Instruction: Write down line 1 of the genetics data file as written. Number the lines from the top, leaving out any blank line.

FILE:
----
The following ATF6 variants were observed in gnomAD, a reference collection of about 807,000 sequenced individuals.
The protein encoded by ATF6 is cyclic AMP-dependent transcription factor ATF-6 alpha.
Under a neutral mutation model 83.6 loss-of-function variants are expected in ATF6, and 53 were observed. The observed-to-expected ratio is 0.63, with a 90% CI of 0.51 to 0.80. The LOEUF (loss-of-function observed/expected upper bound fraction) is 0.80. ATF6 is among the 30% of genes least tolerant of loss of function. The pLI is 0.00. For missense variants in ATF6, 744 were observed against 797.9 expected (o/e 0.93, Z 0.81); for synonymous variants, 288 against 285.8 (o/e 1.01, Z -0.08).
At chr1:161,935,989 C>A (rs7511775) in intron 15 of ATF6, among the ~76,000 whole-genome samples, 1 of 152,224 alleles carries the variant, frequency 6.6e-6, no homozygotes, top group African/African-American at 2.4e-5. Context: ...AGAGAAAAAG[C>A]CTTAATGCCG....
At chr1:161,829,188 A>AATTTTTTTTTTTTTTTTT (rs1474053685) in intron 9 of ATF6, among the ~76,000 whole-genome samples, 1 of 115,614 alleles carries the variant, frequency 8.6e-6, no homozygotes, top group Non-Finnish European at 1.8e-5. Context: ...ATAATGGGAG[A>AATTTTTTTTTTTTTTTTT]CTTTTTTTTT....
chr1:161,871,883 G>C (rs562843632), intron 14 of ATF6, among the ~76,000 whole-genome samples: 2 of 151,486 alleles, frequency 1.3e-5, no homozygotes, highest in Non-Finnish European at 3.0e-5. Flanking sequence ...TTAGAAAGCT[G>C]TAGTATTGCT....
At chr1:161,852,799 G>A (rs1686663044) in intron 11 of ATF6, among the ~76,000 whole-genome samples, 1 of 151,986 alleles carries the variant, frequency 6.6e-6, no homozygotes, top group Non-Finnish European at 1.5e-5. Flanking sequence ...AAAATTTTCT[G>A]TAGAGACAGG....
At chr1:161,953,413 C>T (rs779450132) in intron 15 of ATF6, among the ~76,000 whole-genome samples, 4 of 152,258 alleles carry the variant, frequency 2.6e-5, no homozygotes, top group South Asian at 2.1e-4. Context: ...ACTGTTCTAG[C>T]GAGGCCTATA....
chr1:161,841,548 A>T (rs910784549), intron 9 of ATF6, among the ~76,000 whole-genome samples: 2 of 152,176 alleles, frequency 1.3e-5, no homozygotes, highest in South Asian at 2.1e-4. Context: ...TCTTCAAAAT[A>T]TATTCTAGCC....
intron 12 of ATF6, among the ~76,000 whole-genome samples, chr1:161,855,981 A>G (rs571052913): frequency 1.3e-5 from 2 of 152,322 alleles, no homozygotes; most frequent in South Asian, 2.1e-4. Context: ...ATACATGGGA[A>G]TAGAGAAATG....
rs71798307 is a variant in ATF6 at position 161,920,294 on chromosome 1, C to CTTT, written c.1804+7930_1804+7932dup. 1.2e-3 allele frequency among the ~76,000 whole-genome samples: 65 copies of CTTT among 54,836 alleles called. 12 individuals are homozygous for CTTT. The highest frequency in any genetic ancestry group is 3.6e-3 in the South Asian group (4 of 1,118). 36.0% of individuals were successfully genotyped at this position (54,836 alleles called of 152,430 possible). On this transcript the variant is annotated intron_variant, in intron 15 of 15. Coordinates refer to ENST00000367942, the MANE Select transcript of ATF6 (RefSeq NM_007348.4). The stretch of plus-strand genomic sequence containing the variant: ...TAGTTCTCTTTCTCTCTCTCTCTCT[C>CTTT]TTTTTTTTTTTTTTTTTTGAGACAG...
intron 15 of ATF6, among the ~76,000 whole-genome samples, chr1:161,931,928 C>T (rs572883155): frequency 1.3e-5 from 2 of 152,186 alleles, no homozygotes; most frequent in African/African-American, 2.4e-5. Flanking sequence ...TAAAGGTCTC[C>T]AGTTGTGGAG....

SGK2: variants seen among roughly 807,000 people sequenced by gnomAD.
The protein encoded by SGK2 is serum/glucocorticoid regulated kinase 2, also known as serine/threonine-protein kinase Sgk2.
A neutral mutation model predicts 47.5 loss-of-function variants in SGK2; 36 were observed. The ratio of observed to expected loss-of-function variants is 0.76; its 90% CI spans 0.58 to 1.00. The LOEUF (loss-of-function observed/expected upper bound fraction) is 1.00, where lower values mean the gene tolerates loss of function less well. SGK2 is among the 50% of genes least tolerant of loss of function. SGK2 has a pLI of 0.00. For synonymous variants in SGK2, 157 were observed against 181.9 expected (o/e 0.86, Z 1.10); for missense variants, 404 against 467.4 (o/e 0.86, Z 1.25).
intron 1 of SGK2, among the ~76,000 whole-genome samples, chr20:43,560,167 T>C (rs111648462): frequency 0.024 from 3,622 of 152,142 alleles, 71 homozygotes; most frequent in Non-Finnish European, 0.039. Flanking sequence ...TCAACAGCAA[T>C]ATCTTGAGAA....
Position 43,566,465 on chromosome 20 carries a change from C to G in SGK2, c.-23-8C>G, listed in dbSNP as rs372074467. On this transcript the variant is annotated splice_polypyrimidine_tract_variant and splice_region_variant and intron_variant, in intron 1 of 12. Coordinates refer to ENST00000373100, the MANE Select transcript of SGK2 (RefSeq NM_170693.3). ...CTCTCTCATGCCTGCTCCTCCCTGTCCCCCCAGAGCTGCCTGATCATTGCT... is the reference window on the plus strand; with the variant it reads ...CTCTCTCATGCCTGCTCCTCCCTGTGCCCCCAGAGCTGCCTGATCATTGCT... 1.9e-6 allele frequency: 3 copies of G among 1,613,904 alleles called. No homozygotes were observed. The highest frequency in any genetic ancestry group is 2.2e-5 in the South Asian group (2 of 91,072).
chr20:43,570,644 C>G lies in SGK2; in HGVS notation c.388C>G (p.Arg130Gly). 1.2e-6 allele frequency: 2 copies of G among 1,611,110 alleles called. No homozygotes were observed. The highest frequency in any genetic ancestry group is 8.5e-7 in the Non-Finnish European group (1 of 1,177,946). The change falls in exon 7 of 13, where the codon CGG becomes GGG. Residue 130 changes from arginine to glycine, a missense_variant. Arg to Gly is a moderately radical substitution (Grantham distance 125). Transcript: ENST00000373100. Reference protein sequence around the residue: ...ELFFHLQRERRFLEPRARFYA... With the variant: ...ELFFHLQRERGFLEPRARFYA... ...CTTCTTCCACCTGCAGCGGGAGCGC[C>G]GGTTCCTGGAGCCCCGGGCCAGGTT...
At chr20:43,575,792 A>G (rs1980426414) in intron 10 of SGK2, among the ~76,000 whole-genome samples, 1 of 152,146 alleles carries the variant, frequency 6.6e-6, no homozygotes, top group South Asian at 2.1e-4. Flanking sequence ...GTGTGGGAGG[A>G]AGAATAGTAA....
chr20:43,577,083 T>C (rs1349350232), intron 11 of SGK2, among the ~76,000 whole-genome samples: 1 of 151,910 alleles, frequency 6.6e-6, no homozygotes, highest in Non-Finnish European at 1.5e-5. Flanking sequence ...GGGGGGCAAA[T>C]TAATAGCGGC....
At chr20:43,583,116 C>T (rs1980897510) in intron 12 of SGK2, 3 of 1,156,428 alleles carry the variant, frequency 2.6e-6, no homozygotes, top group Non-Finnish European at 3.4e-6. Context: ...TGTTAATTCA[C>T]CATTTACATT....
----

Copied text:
The following ATF6 variants were observed in gnomAD, a reference collection of about 807,000 sequenced individuals.